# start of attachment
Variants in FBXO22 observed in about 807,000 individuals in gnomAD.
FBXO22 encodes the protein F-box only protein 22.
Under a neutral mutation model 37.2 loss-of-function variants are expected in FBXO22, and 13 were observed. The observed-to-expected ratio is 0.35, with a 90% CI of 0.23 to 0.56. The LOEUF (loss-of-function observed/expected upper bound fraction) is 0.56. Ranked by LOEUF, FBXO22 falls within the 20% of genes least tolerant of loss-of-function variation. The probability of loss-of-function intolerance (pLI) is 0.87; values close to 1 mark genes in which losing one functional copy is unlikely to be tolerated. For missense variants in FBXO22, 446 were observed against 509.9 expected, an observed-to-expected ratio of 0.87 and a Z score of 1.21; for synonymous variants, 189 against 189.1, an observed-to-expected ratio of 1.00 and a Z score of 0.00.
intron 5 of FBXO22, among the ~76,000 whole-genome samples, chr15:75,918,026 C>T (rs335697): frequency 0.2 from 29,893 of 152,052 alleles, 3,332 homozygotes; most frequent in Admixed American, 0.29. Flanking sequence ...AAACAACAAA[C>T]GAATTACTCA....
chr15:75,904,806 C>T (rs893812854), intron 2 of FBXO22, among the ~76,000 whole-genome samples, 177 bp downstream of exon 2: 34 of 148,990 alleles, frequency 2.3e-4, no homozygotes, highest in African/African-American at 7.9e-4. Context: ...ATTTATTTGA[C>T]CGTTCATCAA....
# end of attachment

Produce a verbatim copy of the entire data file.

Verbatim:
Variants in FBXO22 observed in about 807,000 individuals in gnomAD.
FBXO22 encodes the protein F-box only protein 22.
Under a neutral mutation model 37.2 loss-of-function variants are expected in FBXO22, and 13 were observed. The observed-to-expected ratio is 0.35, with a 90% CI of 0.23 to 0.56. The LOEUF (loss-of-function observed/expected upper bound fraction) is 0.56. Ranked by LOEUF, FBXO22 falls within the 20% of genes least tolerant of loss-of-function variation. The probability of loss-of-function intolerance (pLI) is 0.87; values close to 1 mark genes in which losing one functional copy is unlikely to be tolerated. For missense variants in FBXO22, 446 were observed against 509.9 expected, an observed-to-expected ratio of 0.87 and a Z score of 1.21; for synonymous variants, 189 against 189.1, an observed-to-expected ratio of 1.00 and a Z score of 0.00.
intron 5 of FBXO22, among the ~76,000 whole-genome samples, chr15:75,918,026 C>T (rs335697): frequency 0.2 from 29,893 of 152,052 alleles, 3,332 homozygotes; most frequent in Admixed American, 0.29. Flanking sequence ...AAACAACAAA[C>T]GAATTACTCA....
chr15:75,904,806 C>T (rs893812854), intron 2 of FBXO22, among the ~76,000 whole-genome samples, 177 bp downstream of exon 2: 34 of 148,990 alleles, frequency 2.3e-4, no homozygotes, highest in African/African-American at 7.9e-4. Context: ...ATTTATTTGA[C>T]CGTTCATCAA....